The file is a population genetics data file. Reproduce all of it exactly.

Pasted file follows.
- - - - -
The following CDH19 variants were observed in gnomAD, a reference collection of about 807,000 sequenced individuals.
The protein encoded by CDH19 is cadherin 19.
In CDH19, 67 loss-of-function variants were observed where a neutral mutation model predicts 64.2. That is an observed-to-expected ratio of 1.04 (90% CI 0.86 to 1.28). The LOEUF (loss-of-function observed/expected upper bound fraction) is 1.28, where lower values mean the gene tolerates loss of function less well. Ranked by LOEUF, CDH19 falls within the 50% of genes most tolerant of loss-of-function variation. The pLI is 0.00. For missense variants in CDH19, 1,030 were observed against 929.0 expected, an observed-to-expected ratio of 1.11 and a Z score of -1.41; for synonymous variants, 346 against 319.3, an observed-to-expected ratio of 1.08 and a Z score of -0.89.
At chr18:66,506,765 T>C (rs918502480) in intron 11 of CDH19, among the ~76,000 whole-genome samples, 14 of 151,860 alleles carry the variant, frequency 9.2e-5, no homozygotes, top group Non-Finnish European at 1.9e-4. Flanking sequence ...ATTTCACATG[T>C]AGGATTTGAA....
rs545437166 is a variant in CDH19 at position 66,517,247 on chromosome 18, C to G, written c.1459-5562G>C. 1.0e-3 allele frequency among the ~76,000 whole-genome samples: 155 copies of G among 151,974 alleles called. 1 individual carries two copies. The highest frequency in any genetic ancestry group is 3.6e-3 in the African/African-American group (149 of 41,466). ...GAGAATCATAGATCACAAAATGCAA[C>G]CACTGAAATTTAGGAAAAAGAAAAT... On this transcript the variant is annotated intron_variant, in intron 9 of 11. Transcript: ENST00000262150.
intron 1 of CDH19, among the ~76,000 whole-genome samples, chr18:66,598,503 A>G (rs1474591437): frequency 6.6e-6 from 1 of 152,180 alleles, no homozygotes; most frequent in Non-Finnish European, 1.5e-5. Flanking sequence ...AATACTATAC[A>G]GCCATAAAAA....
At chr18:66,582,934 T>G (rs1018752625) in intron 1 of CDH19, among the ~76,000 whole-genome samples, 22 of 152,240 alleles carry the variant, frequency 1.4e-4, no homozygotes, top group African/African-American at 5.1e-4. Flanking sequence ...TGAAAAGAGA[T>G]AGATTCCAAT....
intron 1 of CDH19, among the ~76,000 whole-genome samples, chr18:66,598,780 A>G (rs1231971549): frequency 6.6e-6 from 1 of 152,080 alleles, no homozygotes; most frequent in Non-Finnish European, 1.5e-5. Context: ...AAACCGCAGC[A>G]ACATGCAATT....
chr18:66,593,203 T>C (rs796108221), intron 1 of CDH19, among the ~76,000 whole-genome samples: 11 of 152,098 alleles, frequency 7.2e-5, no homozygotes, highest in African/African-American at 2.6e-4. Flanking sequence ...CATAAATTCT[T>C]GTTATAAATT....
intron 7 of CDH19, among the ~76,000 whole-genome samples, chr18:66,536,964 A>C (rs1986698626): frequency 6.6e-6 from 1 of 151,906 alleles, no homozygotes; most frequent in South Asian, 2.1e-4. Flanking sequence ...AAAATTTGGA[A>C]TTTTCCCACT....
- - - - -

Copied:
The following CDH19 variants were observed in gnomAD, a reference collection of about 807,000 sequenced individuals.
The protein encoded by CDH19 is cadherin 19.
In CDH19, 67 loss-of-function variants were observed where a neutral mutation model predicts 64.2. That is an observed-to-expected ratio of 1.04 (90% CI 0.86 to 1.28). The LOEUF (loss-of-function observed/expected upper bound fraction) is 1.28, where lower values mean the gene tolerates loss of function less well. Ranked by LOEUF, CDH19 falls within the 50% of genes most tolerant of loss-of-function variation. The pLI is 0.00. For missense variants in CDH19, 1,030 were observed against 929.0 expected, an observed-to-expected ratio of 1.11 and a Z score of -1.41; for synonymous variants, 346 against 319.3, an observed-to-expected ratio of 1.08 and a Z score of -0.89.
At chr18:66,506,765 T>C (rs918502480) in intron 11 of CDH19, among the ~76,000 whole-genome samples, 14 of 151,860 alleles carry the variant, frequency 9.2e-5, no homozygotes, top group Non-Finnish European at 1.9e-4. Flanking sequence ...ATTTCACATG[T>C]AGGATTTGAA....
rs545437166 is a variant in CDH19 at position 66,517,247 on chromosome 18, C to G, written c.1459-5562G>C. 1.0e-3 allele frequency among the ~76,000 whole-genome samples: 155 copies of G among 151,974 alleles called. 1 individual carries two copies. The highest frequency in any genetic ancestry group is 3.6e-3 in the African/African-American group (149 of 41,466). ...GAGAATCATAGATCACAAAATGCAA[C>G]CACTGAAATTTAGGAAAAAGAAAAT... On this transcript the variant is annotated intron_variant, in intron 9 of 11. Transcript: ENST00000262150.
intron 1 of CDH19, among the ~76,000 whole-genome samples, chr18:66,598,503 A>G (rs1474591437): frequency 6.6e-6 from 1 of 152,180 alleles, no homozygotes; most frequent in Non-Finnish European, 1.5e-5. Flanking sequence ...AATACTATAC[A>G]GCCATAAAAA....
At chr18:66,582,934 T>G (rs1018752625) in intron 1 of CDH19, among the ~76,000 whole-genome samples, 22 of 152,240 alleles carry the variant, frequency 1.4e-4, no homozygotes, top group African/African-American at 5.1e-4. Flanking sequence ...TGAAAAGAGA[T>G]AGATTCCAAT....
intron 1 of CDH19, among the ~76,000 whole-genome samples, chr18:66,598,780 A>G (rs1231971549): frequency 6.6e-6 from 1 of 152,080 alleles, no homozygotes; most frequent in Non-Finnish European, 1.5e-5. Context: ...AAACCGCAGC[A>G]ACATGCAATT....
chr18:66,593,203 T>C (rs796108221), intron 1 of CDH19, among the ~76,000 whole-genome samples: 11 of 152,098 alleles, frequency 7.2e-5, no homozygotes, highest in African/African-American at 2.6e-4. Flanking sequence ...CATAAATTCT[T>C]GTTATAAATT....
intron 7 of CDH19, among the ~76,000 whole-genome samples, chr18:66,536,964 A>C (rs1986698626): frequency 6.6e-6 from 1 of 151,906 alleles, no homozygotes; most frequent in South Asian, 2.1e-4. Flanking sequence ...AAAATTTGGA[A>C]TTTTCCCACT....